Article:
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Alcohol Alcohol. 2013 May-Jun;48(3):343-8. doi: 10.1093/alcalc/agt002. Epub 2013 Jan 29.

Alcohol use during the great recession of 2008-2009.

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1
Department of Global Health and Population, Harvard School of Public Health, 677 Huntington Avenue, Building 1, 11th Floor, Boston, MA 02115, USA. jbor@hsph.harvard.edu

Abstract

AIMS:

The aim of this study was to assess changes in alcohol use in the USA during the Great Recession.

METHODS:

Drinking participation, drinking frequency, drinking intensity, total alcohol consumption and frequency of binge drinking were assessed in a nationally representative sample of 2,050,431 US women and men aged 18 and older, interviewed between 2006 and 2010.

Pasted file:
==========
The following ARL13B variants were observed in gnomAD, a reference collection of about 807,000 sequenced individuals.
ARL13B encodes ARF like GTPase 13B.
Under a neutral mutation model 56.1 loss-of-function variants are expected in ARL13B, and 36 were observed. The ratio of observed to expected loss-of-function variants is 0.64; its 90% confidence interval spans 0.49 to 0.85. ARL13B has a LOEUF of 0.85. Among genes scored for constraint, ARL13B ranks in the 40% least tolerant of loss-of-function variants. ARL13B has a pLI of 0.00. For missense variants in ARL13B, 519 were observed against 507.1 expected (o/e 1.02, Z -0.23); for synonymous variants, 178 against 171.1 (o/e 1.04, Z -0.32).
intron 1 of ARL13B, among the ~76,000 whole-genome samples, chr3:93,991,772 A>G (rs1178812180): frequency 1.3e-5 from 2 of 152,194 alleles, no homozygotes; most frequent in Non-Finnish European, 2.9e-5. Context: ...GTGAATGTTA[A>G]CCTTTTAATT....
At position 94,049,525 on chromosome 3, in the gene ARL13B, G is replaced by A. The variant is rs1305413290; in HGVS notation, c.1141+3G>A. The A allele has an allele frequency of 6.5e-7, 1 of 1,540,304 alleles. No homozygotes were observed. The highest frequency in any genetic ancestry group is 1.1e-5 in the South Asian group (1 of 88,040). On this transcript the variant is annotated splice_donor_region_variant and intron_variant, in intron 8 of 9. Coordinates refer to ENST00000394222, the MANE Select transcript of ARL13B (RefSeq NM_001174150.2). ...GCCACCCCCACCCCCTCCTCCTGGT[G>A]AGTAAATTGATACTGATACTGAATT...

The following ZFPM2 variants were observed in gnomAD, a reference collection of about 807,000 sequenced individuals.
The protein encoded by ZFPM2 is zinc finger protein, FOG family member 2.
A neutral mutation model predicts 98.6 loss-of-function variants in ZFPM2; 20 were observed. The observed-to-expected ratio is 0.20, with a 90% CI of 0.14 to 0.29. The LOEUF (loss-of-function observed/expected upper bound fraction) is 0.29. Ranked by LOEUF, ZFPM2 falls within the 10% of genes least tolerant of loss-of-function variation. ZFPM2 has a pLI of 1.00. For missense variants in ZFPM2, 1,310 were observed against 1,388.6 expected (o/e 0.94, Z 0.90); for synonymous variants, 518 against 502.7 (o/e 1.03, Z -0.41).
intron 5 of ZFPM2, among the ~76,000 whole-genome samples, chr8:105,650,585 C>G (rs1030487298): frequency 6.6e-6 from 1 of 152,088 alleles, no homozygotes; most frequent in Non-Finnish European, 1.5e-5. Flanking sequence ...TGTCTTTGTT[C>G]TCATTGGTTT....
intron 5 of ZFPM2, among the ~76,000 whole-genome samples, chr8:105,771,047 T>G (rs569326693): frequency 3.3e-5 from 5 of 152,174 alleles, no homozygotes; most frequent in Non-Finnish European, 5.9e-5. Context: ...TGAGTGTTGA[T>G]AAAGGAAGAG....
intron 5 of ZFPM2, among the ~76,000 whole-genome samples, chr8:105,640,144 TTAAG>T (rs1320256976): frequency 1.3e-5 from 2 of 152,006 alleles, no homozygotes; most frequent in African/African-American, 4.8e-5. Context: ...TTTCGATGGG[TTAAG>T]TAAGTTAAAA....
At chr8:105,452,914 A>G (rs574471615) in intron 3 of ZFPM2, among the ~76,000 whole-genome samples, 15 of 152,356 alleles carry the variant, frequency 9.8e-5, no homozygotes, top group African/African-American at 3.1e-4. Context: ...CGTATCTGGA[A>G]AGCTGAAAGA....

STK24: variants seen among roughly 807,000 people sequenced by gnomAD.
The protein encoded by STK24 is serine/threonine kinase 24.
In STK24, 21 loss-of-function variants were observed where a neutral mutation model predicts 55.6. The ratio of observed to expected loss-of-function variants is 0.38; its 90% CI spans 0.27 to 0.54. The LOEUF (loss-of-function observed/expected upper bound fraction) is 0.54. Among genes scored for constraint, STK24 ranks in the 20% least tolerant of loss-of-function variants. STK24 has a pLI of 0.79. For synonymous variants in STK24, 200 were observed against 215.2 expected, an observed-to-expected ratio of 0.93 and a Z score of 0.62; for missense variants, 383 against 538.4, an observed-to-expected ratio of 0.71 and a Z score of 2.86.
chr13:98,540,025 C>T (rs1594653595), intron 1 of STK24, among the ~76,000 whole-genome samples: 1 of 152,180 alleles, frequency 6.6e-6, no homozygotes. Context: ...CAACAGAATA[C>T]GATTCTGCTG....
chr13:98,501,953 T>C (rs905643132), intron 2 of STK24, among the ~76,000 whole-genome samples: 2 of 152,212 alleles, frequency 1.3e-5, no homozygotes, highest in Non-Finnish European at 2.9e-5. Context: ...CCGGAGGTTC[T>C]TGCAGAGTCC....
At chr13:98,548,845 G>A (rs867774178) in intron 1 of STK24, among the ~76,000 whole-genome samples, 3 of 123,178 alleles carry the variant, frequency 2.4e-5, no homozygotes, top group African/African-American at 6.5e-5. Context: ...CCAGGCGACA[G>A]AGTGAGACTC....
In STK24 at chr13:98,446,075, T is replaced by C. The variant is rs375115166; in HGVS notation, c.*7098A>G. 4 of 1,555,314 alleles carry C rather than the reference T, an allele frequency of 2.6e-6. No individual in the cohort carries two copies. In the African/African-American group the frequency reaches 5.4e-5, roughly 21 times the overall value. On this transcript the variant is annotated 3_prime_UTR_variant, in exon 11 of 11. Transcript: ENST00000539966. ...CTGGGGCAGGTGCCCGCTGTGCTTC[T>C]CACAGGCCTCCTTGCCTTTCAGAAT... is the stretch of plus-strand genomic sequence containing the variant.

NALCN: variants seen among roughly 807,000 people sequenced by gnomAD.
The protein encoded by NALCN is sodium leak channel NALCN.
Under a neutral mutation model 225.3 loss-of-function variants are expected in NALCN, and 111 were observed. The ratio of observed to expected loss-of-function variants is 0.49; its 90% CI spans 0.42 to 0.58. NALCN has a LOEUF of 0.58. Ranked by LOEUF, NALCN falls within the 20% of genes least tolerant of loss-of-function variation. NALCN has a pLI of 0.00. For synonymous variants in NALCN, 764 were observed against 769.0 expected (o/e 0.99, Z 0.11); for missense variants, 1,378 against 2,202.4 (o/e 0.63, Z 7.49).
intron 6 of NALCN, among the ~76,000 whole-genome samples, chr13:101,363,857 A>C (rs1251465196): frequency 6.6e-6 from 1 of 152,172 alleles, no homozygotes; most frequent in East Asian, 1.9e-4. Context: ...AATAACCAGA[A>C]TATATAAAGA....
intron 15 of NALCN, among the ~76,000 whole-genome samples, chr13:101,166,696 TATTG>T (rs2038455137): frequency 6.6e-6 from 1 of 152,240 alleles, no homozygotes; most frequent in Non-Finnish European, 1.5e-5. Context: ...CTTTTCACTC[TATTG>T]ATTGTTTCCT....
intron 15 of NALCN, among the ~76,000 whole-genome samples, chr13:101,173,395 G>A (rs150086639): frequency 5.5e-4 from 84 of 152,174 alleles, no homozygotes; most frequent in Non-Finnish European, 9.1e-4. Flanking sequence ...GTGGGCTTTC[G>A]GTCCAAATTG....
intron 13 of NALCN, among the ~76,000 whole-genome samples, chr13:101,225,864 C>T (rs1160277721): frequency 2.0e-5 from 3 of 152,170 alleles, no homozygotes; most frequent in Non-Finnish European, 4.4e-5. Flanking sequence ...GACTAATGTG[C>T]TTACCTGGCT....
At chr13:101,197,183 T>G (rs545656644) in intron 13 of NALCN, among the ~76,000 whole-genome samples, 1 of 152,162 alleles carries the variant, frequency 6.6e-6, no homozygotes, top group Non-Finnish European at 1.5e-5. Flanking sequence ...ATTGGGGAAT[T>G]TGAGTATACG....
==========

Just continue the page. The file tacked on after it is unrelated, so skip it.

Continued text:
RESULTS:

The prevalence of any alcohol use significantly declined during the economic recession, from 52.0% in 2006-2007 to 51.6% in 2008-2009 (P < 0.05), corresponding to 880,000 fewer drinkers (95% confidence interval [CI] 140,000 to 1.6 million). There was an increase, however, in the prevalence of frequent binging, from 4.8% in 2006-2007 to 5.1% in 2008-2009 (P < 0.01), corresponding to 770,000 more frequent bingers (95% CI 390,000 to 1.1 million). Non-Black, unmarried men under 30 years, who recently became unemployed, were at highest risk for frequent binging.

CONCLUSION:

During the Great Recession there was an increase in abstention from alcohol and a rise in frequent binging.

PMID:
23360873
DOI:
10.1093/alcalc/agt002
[Indexed for MEDLINE]
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